To visualize industry-wide risks, we use the EDF-X EWS quadrant. Figure 1 presents the risk distribution as of Q3 2023 as well as the projected risk distribution under the three hypothetical economic scenarios. Each firm within the industry is represented by a circle, with the circle’s size commensurate with the firm’s total book value of assets in USD. A specific subset of firms, each identified by a unique number, is a focal point of our analysis. As of Q3 2023, we find that while 42% of firms are in the low-risk category, 39% of firms exhibit an elevated risk relative to peers (high or severe). This demonstrates that much of the industry remains vulnerable.

    To understand potential shifts in industry-wide risks, we apply the EDF-X EWS quadrant to scenario-conditioned PDs and triggers under selected economic scenarios. Under the BL scenario, the overall risk distribution moves from low risk to medium risk, while 30 fewer firms exhibit elevated risk relative to peers compared to Q3 2023. Under the pessimistic S2 scenario, the overall risk distribution concentrates even more toward medium risk as well as severe risk, with 39 more firms facing severe risk relative to Q3 2023. On the other hand, under the S1 scenario, 54% of the distribution leans towards low risk. Yet, a quarter of the sector is still projected to exhibit severe risk, indicating that even under optimistic conditions, the industry remains fragile.

    Our scenario analysis indicates that several state-owned developers, classified as medium risks in Q3 2023 and operating in top-tier cities, are poised to benefit from government support measures. These developers are also well-positioned to capitalize on potential surges in housing demand. Notable examples include China Overseas Land & Investment Ltd. (transitioning to low risk in S1), China Resources Land Ltd. (moving to low risk in BL and S1), and Poly Developments and Holdings Group Co., Ltd. (shifting to low risk across all three scenarios).

    On the other hand, Hong Kong-based Yuexiu Property Co., Ltd., which is at low risk as of Q3 2023, is expected to transition to a medium-risk profile under all three scenarios. This risk trajectory may be influenced, at least in part, by the performance of its subsidiary, Yuexiu REIT, which saw its risk profile escalate from medium to severe in Q3 2023. This shift followed a market cap decrease of over 30% in the first three quarters of 2023 and a debt-to-equity ratio that exceeded 123% in FY 2022. Yuexiu REIT is projected to maintain an elevated credit risk across all scenarios, including the optimistic S1.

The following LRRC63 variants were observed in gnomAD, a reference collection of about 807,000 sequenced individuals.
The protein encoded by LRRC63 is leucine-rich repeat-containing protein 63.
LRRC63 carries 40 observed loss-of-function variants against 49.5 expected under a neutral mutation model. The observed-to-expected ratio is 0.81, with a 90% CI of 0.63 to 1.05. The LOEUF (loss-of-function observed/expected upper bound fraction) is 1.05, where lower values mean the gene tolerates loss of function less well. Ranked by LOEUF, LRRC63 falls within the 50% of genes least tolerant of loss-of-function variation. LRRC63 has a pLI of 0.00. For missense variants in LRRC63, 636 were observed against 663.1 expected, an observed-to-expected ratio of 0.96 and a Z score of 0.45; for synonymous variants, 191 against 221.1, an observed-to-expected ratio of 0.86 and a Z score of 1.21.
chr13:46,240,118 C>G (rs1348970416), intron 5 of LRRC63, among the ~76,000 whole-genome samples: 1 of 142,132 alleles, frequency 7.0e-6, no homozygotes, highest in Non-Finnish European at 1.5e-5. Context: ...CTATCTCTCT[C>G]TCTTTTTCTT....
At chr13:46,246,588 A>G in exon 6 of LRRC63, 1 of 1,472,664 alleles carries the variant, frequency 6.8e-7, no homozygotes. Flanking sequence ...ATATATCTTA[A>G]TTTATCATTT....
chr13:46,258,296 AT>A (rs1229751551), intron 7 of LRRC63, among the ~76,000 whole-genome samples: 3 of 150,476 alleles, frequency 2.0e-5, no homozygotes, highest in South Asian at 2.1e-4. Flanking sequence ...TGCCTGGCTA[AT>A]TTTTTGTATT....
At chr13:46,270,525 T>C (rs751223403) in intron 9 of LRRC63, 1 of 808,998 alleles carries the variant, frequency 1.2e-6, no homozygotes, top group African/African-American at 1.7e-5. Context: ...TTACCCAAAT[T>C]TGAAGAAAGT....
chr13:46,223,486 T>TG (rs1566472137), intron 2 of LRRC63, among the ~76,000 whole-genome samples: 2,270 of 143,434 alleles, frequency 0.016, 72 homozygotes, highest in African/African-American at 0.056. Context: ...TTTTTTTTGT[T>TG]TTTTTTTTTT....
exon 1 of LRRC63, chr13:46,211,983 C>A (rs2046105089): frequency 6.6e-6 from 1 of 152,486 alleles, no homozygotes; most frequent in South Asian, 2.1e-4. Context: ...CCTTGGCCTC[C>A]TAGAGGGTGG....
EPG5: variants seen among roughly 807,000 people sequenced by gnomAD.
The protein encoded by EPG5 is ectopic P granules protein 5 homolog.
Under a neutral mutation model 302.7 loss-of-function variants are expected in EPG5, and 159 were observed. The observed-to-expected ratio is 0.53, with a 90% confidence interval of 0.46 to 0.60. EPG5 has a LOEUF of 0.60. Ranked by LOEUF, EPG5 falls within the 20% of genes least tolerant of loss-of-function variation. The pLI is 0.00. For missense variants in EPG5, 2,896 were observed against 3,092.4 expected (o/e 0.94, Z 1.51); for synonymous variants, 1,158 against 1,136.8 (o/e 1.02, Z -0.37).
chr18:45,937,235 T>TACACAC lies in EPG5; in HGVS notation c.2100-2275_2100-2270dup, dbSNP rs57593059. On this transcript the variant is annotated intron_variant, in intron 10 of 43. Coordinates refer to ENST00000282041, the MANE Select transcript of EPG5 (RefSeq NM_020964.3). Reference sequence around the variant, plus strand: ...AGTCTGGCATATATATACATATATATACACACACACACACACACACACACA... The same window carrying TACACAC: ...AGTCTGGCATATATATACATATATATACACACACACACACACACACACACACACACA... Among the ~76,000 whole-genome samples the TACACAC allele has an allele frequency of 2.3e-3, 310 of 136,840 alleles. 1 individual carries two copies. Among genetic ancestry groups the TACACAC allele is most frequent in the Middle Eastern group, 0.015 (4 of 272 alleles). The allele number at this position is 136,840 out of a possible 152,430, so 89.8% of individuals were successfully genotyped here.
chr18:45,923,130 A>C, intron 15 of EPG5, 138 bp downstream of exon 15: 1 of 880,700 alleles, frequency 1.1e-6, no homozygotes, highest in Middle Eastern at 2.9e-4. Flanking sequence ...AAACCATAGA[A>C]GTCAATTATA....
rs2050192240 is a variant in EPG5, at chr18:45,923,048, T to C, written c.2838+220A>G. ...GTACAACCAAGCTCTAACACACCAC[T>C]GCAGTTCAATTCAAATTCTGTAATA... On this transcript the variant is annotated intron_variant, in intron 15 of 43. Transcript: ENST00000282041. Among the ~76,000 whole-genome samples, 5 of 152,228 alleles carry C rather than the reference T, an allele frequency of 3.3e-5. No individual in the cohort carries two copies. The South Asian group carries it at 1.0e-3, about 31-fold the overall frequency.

Meanwhile, most companies currently facing a heightened level of risk are expected to continue to exhibit elevated risk profiles. These include Sino-Ocean Group Holdings Ltd., Country Garden Holdings Co. Ltd., Central China Real Estate Ltd., and Sunac China Holdings Ltd. After experiencing significant losses in FY 2022 and accumulating considerable market leverage, these companies are at severe risk as of Q3 2023 and are projected to maintain this risk status under all three scenarios.

    Given the volatile nature of the current economic landscape, the EDF-X scenario-conditioned EWS serves as a critical tool for monitoring exposures, identifying potential risks, and taking preemptive action.

    Key Takeaways

    • The Chinese and Hong Kong real estate and construction industry’s recovery is being hindered by a confluence of factors. In this volatile and uncertain landscape, the EDF-X EWS provides a comprehensive view of a portfolio’s credit risk under current and prospective economic conditions, allowing institutions to identify potential risks and take preemptive action.
    • Despite expansionary government policies, recovery remains elusive. Fiscal and monetary stimulus is unlikely to translate to a broader resolution of the protracted crisis, considering a substantial portion of the industry is still projected to exhibit severe risk even in an optimistic scenario.
    • The centralized easing of restrictions could favor state-owned companies in high-tier cities. Policy changes may not be too impactful for firms that already exhibit significantly elevated risk, even in an upside scenario.

    1 The degree of benefit would hinge on firm-specific elements, such as financial resilience as perceived by homebuyers and political considerations.

    2 The trigger threshold is a PD level computed according to a pre-specified peer percentile, adjusting for credit cycle and small sample effects.

    3 The forecasts were created in August 2023. BL, S1, and S2 are economic scenarios produced by Moody’s Economics and Consumer Credit Analytics (ECCA) team. BL, S1, and S2 scenarios are designed so that the probability that the economy will perform worse than in the scenario is 50%, 90%, and 25% respectively.

    Print Download